Complexity and Uncertainty in Ecological Systems through Nancy Cartwright’s Camellias Example

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Directions: Answer one of the following prompts; do not answer more than one

Length: Do not exceed 6 pages. Use a 12 pt font such as Times New Roman and double-space your work.

Citations: You must give credit where credit is due. When you quote or paraphrase from the course texts, you must provide page numbers (if a reading does not have page numbers, just use PDF page numbers). You may use whichever citation style you prefer, e.g., APA, MLA, Chicago, etc. For information how to use these various styles, see https://owl.purdue.edu/owl/purdue_owl.htmlLinks to an external site. You must include a ‘works cited’ page, even if you only cite the course texts.

Can you use AI tools such as ChatGPT or Bard to complete this assignment? No. AI tools cannot be used for any portion of this assignment.
Prompt 1: W. T. Stace writes:

“The fact is that atoms are not inferences from sensations. No one denies, of course, that a vast amount of perfectly valid inferential reasoning takes place in the physical theory of the atom. But it will not be found to be in any strict logical sense inference from sense-data to atoms. […] That atoms are not inferences from sensations means, of course, that from the existence of sensations we cannot validly infer the existence of atoms. And this means that we cannot have any reason at all to believe that they exist. And that is why I propose to argue that they do not exist — or at any rate that no one could know it if they did, and that we have absolutely no evidence of their existence” (353).

Explain what Stace means in the above quotation. This will require that you understand and explain the importance of sense perception for Stace’s overall position. Then provide your own argument that seeks to establish that atoms do exist. Your argument should be designed to convince Stace in particular; that is, you need to establish that atoms can be known to exist on the basis of what we experience “in the familiar world of perception” (352).

Prompt 1: W. T. Stace writes:

“The fact is that atoms are not inferences from sensations. No one denies, of course, that a vast amount of perfectly valid inferential reasoning takes place in the physical theory of the atom. But it will not be found to be in any strict logical sense inference from sense-data to atoms. […] That atoms are not inferences from sensations means, of course, that from the existence of sensations we cannot validly infer the existence of atoms. And this means that we cannot have any reason at all to believe that they exist. And that is why I propose to argue that they do not exist — or at any rate that no one could know it if they did, and that we have absolutely no evidence of their existence” (353).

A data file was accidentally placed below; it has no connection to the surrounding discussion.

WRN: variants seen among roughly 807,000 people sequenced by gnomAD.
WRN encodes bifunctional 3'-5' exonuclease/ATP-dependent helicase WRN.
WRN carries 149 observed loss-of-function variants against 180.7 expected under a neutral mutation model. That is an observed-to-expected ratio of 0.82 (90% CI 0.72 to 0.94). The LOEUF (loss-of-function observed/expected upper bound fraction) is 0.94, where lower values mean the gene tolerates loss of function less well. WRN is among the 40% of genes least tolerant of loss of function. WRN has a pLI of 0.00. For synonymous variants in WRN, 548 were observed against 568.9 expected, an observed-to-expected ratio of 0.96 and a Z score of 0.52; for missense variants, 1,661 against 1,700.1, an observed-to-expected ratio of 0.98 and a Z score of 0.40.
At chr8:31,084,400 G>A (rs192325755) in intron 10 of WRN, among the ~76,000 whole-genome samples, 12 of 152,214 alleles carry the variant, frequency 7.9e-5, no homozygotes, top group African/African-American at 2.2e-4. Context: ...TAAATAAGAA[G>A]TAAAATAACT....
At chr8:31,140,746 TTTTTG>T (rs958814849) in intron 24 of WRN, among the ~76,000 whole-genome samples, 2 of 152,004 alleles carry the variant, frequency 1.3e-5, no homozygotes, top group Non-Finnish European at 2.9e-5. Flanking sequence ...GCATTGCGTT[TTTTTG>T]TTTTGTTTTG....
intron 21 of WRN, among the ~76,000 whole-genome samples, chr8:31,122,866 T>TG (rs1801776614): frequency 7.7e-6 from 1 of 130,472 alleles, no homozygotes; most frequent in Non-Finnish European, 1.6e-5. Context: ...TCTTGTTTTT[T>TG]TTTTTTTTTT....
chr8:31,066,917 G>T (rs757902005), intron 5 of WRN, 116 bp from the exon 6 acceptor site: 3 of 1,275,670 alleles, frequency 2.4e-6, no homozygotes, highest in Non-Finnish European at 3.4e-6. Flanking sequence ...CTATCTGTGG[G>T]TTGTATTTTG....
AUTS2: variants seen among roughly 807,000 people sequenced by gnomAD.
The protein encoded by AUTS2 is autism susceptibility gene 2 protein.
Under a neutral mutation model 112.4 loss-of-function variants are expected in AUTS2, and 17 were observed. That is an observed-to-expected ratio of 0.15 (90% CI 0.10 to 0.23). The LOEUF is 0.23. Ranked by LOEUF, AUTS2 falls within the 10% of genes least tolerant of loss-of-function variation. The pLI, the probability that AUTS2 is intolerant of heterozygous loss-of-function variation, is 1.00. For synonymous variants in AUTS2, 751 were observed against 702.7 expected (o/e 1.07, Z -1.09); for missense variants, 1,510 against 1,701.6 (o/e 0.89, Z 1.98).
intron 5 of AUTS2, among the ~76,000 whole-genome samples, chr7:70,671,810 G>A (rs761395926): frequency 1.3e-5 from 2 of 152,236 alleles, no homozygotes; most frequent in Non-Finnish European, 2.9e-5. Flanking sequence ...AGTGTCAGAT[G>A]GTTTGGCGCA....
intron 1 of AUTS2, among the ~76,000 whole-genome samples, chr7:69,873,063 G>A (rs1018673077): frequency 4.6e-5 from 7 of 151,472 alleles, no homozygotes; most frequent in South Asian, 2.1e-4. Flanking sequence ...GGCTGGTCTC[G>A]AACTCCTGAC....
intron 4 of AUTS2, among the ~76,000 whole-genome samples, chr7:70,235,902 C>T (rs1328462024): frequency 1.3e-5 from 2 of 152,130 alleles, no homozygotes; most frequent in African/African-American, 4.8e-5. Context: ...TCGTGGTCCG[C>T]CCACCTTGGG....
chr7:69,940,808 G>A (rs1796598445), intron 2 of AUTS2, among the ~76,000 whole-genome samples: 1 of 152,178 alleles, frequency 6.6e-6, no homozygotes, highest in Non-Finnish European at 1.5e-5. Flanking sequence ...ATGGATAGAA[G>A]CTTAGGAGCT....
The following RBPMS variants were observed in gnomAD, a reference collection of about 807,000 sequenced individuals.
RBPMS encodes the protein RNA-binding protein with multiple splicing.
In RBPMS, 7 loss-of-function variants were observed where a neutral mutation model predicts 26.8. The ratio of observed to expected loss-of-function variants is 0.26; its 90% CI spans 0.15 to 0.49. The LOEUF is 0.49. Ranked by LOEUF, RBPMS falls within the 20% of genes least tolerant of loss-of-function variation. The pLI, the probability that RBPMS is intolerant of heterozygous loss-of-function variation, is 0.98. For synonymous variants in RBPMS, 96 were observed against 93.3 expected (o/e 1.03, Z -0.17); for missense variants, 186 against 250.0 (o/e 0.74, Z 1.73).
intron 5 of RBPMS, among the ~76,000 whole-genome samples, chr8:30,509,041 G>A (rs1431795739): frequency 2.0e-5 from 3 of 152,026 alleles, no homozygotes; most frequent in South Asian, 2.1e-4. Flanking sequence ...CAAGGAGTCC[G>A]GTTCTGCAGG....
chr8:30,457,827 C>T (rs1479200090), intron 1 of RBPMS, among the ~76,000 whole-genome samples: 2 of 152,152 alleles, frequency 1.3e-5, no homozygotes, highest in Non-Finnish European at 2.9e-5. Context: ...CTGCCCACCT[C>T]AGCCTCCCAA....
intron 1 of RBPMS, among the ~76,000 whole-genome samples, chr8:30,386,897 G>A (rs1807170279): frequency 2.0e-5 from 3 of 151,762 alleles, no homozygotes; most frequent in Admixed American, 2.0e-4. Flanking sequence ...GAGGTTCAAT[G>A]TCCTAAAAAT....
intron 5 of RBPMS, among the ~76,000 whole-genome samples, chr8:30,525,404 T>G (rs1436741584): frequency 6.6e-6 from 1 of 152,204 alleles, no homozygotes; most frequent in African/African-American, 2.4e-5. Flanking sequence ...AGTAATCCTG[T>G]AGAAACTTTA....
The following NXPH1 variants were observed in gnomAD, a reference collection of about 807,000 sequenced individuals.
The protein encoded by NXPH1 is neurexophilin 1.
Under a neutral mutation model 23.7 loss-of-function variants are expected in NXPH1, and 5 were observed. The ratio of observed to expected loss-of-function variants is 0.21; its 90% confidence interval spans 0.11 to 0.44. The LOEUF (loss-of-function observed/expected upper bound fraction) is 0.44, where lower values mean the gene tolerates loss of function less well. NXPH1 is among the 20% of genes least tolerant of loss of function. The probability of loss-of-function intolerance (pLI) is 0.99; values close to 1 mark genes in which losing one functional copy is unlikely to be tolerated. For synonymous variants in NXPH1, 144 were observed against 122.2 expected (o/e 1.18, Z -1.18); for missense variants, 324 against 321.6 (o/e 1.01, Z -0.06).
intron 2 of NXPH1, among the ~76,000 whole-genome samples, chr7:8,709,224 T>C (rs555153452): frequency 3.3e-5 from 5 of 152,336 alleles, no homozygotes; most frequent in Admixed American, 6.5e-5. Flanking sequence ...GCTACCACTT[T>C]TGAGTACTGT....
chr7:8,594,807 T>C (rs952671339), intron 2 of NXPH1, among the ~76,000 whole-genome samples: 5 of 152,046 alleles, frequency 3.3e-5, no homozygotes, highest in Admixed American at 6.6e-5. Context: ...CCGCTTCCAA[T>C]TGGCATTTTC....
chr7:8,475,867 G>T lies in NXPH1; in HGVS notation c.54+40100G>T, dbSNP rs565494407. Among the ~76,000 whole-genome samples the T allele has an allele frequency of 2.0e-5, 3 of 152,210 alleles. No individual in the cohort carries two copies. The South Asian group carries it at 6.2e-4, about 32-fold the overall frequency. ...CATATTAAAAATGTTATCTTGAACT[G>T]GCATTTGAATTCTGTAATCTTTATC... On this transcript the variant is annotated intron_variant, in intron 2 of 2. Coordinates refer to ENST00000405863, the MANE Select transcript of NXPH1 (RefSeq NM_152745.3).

Explain what Stace means in the above quotation. This will require that you understand and explain the importance of sense perception for Stace’s overall position. Then provide your own argument that seeks to establish that atoms do exist. Your argument should be designed to convince Stace in particular; that is, you need to establish that atoms can be known to exist on the basis of what we experience “in the familiar world of perception” (352).

In the quoted passage, W. T. Stace asserts that atoms are not inferred directly from sensations. Stace challenges the notion that the existence of atoms can be logically deduced from sense-data, arguing that while valid inferential reasoning occurs in the physical theory of the atom, it does not constitute a strict logical inference from sensations to atoms. Stace contends that since atoms are not inferences from sensations, there is no valid reason to believe in their existence, leading him to propose that they do not exist or, at the very least, that their existence cannot be known.

Stace’s position hinges on the belief that if atoms were to exist, there should be a direct, logically sound inference from sensations to their existence. Since such an inference is lacking, he concludes that there is no reason to believe in the existence of atoms. Stace emphasizes the epistemic limitation, asserting that even if atoms were to exist, their existence cannot be known, and there is no evidence supporting their existence within the framework of sense perception.

To counter Stace’s position, one might argue that the existence of atoms is indeed inferable from the familiar world of perception. The argument could draw on scientific evidence supporting atomic theory, highlighting phenomena such as Brownian motion, spectroscopy, and advancements in microscopy that provide indirect but compelling evidence for the existence of atoms. For instance, the observation of Brownian motion, the random motion of particles in a fluid, aligns with the kinetic theory of gases and offers empirical support for the atomic model.

Additionally, one could argue that the success of atomic theory in explaining and predicting various natural phenomena, from chemical reactions to material properties, serves as a pragmatic validation of the existence of atoms. The continuous refinement of atomic models based on experimental data and technological advancements further strengthens the case for their existence. By demonstrating the practical utility and explanatory power of atomic theory, one could assert that the existence of atoms is not merely a theoretical postulation but is grounded in empirical observations and the tangible outcomes of scientific inquiry.

In summary, while Stace contends that atoms cannot be inferred directly from sensations, an argument in favor of their existence could emphasize the indirect empirical evidence provided by scientific observations and the practical success of atomic theory in explaining and predicting phenomena in the familiar world of perception.